As shown in the diagram, the ABRs in the right non-zero area summarize the host prefixes as 10.1.0.0/16. When the link between R5 and R10 fails, R5 will send a worse metric for the summary route (metric for the summary route is the maximum of the metrics of intra-area routes that are covered by the summary route. Upon failure of the R5-R10 link, the metric for 10.1.2.0/24 goes higher at R5 as the path is R5-R9-R6-R10). As a result, other backbone routers shift traffic destined to 10.1.0.0/16 towards R6. This breaks ECMP and is an under-utilization of network capacity for traffic destined to 10.1.1.0/24.
Nodes in an area receive and store intra-area routing information and summarized information about other areas from the ABRs. In particular, a good summarization practice about inter-area routes through prefix range configuration helps scale the routers and keeps the network stable.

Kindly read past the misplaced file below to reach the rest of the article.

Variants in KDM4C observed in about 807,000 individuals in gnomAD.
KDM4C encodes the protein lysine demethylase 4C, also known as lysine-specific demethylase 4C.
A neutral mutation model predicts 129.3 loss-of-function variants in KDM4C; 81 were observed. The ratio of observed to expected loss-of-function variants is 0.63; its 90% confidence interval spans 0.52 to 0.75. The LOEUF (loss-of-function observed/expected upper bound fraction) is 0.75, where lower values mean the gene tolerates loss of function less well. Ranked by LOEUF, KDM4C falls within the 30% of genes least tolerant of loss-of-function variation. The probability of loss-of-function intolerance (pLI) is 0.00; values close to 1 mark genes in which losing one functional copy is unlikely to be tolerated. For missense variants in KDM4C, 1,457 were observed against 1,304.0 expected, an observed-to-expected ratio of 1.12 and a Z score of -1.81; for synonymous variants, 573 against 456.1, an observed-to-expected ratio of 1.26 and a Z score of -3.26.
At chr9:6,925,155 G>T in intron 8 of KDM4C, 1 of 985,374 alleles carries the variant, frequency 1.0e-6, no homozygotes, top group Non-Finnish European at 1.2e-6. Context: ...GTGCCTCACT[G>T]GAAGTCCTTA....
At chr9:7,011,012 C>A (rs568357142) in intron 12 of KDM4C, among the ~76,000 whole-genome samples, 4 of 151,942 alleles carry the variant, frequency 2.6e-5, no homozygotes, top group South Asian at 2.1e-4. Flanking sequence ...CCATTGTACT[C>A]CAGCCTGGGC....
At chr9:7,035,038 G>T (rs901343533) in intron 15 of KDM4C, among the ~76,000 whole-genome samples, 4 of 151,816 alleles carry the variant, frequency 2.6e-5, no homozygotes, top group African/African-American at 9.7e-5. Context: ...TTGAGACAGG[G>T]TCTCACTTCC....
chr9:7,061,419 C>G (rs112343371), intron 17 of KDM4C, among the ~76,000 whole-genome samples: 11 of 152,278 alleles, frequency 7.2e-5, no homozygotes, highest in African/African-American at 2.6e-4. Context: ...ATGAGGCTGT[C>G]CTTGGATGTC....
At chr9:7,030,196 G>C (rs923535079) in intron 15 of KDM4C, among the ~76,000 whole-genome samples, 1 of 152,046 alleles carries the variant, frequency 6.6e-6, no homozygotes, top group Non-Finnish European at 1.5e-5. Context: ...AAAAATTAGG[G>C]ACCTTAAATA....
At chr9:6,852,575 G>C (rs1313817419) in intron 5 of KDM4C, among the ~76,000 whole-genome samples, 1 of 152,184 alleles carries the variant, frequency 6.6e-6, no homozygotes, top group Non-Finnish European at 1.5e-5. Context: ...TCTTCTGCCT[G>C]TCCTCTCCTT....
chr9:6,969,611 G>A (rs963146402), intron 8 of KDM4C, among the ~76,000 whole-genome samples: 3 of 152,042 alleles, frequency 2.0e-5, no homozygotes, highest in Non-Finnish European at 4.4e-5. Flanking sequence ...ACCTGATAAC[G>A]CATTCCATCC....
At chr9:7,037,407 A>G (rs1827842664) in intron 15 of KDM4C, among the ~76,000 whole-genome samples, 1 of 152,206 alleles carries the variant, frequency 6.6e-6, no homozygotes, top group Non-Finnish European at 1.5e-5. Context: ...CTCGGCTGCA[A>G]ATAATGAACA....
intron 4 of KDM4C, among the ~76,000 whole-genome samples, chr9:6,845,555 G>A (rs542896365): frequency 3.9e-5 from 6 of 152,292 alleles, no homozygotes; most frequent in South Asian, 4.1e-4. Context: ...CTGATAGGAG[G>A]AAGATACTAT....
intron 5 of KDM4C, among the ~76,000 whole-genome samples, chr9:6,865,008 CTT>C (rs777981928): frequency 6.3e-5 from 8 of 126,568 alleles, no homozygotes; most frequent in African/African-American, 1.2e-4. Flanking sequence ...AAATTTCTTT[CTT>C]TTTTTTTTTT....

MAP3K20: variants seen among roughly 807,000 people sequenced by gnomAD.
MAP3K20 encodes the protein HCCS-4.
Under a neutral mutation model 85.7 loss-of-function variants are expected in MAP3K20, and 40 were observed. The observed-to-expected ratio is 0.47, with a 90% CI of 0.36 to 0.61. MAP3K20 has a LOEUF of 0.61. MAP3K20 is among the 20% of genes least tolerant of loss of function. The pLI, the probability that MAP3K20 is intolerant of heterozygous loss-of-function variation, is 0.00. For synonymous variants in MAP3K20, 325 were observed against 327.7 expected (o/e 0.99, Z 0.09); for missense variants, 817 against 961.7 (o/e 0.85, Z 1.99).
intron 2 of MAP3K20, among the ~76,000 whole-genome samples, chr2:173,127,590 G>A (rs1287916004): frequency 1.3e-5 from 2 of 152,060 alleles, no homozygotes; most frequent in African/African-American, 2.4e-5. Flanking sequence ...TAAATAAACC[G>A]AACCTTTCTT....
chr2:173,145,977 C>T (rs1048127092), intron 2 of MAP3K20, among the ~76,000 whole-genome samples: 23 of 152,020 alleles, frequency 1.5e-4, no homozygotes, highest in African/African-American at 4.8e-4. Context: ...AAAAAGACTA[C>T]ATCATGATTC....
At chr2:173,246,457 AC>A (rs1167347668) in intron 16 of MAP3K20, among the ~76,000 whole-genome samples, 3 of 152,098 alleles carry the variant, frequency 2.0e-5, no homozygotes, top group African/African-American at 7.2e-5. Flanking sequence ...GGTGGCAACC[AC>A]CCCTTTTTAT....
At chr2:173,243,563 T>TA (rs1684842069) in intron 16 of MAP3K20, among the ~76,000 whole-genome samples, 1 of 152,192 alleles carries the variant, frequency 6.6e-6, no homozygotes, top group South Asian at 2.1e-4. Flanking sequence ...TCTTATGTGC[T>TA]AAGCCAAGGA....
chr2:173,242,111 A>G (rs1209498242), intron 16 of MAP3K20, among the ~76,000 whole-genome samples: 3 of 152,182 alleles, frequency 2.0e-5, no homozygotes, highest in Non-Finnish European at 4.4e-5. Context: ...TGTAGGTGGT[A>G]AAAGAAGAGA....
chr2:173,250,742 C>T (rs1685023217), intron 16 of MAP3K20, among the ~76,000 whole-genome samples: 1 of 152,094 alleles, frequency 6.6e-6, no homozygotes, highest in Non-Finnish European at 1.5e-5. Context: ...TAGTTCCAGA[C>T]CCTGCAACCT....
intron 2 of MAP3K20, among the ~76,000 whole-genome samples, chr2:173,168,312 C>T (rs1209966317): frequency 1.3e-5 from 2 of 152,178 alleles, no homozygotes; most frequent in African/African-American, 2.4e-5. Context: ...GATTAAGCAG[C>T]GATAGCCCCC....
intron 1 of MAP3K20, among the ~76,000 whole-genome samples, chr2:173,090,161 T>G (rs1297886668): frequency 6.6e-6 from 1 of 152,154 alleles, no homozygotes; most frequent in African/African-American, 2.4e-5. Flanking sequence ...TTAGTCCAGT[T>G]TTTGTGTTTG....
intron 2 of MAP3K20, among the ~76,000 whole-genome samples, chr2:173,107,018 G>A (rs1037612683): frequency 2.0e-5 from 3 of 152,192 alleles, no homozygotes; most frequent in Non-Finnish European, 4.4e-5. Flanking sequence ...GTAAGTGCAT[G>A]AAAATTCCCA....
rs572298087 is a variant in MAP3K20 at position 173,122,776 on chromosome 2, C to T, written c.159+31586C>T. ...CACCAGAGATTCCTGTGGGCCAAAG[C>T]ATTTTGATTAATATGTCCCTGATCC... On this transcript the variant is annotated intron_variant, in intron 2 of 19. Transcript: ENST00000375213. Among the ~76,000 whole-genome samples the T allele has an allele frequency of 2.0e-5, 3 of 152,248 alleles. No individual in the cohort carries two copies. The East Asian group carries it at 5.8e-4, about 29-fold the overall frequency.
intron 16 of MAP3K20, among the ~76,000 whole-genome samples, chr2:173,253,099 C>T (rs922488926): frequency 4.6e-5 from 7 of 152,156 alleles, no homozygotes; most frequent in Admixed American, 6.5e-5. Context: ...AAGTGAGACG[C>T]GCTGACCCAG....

Then there are external routes. External routes are the routes redistributed into OSPF from another protocol. They have an AS-wide flooding scope. In many cases, external link states make up a large percentage of the LSDB.
Stub areas alleviate this scaling problem. A stub area is an area that does not receive external route advertisements.
To configure a stub area:
Stub areas still receive information about networks that belong to other areas of the same OSPF domain. Especially, if summarization is not configured (or is not comprehensive), the information can be overwhelming for the nodes. Totally stubby areas address this issue. Routers in totally stubby areas keep in their LSDB information about routing within their area, plus the default route.
To configure a totally stubby area:
Here is a brief tabular summary of the area type differences: